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Amy is a dreamy child, who as a result has a hard time making friends with other children. Her father thinks she takes after his first wife instead of her actual mother.  Oliver is trying his best to browbeat Amy into living in the real world.  One day, Amy innocently goes to an infamously “haunted” house and makes the acquaintance of batty old actress Julia Farran.  Julia lives with the obviously disturbed Barbara whom Julia believes is impersonating her dead daughter.

Julia delights in acting out “The Legend of Sleepy Hollow” in the creepiest of ways for the little girl.  She also gives her a ring.  The Reed’s Trinidadian butler Edward (Sir Lancelot) tells Amy it might be a magic ring and how she can make a wish on it.


Amy’s dearest wish is for a friend.  It is granted in the form of Irena (Simon Simone) dressed as a beautiful princess.  Irena plays with her and treats her tenderly, warning Amy to reveal her presence to no one.  But naturally the child spills the beans, worrying her parents even more.  Things build to a climax when Irena says goodbye and Amy runs out into the night to catch her.

curse 1

There are a couple of thrills and a foreboding atmosphere, largely thanks to the beautiful low key cinematography by noir great Nicholas Musuraca, but precious little horror.  The film rests on the shoulders of child actress Ann Carter and fortunately she plays it exactly right.  There is a touching sadness to her Amy.  Simone Simon is appropriately magical. There is some period-type corn on the margins but mostly this is an enchanting film.  Recommended.

This was Robert Wise’s directorial debut.  He took over when director Gunter von Fritsch got seriously behind schedule.

I have not mentioned this before but the films on the DVDs in the Val Lewton Horror Collection all have excellent commentaries.  This one is by film historian and horror guru Greg Mank with brief input from Simone Simon.  Mank considers this film one of Lewton’s most autobiographic works and relates various incidents to the producer’s life.

Clip – Christmas scene

The Suspect (1944)

The SuspectThe Suspect poster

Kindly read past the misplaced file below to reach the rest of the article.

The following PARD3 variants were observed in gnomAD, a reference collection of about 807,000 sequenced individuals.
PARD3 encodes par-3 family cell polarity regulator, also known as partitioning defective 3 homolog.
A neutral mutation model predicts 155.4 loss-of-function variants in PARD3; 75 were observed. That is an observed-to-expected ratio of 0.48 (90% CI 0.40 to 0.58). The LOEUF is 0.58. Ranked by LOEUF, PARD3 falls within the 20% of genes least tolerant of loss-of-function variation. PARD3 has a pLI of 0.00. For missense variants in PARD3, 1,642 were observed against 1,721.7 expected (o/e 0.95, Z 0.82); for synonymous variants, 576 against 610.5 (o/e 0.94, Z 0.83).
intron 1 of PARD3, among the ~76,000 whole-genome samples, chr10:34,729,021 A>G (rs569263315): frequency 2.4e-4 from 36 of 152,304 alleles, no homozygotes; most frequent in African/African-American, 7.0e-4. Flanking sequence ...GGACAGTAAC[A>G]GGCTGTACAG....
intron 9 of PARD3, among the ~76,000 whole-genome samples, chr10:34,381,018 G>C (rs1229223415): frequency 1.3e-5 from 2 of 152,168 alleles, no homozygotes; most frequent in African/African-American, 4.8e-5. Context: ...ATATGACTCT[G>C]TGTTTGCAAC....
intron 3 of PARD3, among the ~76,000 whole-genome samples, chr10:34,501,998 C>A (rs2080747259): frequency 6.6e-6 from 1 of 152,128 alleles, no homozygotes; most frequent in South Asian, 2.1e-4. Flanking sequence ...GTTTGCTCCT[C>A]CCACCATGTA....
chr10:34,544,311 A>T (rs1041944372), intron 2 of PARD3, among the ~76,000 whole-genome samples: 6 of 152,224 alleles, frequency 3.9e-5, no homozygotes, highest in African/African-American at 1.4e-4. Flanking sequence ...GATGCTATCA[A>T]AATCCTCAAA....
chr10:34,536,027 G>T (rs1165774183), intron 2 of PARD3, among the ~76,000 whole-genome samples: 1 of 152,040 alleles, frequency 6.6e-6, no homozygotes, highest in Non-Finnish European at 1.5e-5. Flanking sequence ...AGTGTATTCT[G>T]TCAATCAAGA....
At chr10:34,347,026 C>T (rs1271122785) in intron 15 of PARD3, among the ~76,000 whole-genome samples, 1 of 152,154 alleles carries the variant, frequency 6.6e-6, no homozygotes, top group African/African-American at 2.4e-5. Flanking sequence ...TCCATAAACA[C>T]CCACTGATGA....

Directed by Robert Siodmak
Written by Bertram Millhauser; adaptation by Arthur T. Horman from a novel by James Roland
Universal Pictures
First viewing/YouTube

Cora Marshall: I’d like to know what goes on in your head.

Philip Marshall:  It’s much better that you shouldn’t, Cora. It might frighten you.

Director Robert Siodmak is batting 1000 in my book.  This film, which features one of Charles Laughton’s better performances, really deserves a proper restoration and release.

The place is Victorian London.  Philip (Laughton) and Cora (Rosalind Ivan) Morrison are a very unhappily married couple.  The story begins as Cora forces their grown son out of the house for failing to help her fix the kitchen sink.  Turns out that the shrewish Cora threw a week’s worth of the son’s work into the fire in revenge first.  Philip, without much fanfare, moves into the son’s bedroom.  But it is impossible to avoid an argument with Cora.

Soon thereafter, Mary (Ella Raines) comes to the tobacco shop that Philip manages to ask for work as a stenographer and typist.  They have none to offer.  When Philip finds Mary crying in a park later that evening, he comforts her and asks her to join him for dinner.  He says he has no one to go home to.  Thereafter, they meet frequently and develop a deep friendship.  Mary sees beyond the unlikely exterior of the much older Philip and begins to fall in love with him.

suspect 1944 2

Philip asks Cora for a divorce which she refuses, threatening to ruin Philip with his employer if he goes through with it.  Philip says goodbye to Mary but it doesn’t last.  Cora starts tracking his steps and discovers the affair.  After she threatens to ruin Mary’s life as well, Philip can take no more and kills her.  Things are looking up after the coroner’s inquest finds death by accident.  Then a man from Scotland Yard appears and an intricate game of cat and mouse begins, with the unflappable Philip more than holding his own. With Henry Daniell in a wonderful performance as Phillip and Cora’s next door neighbor, an alcoholic “gentleman” rotter.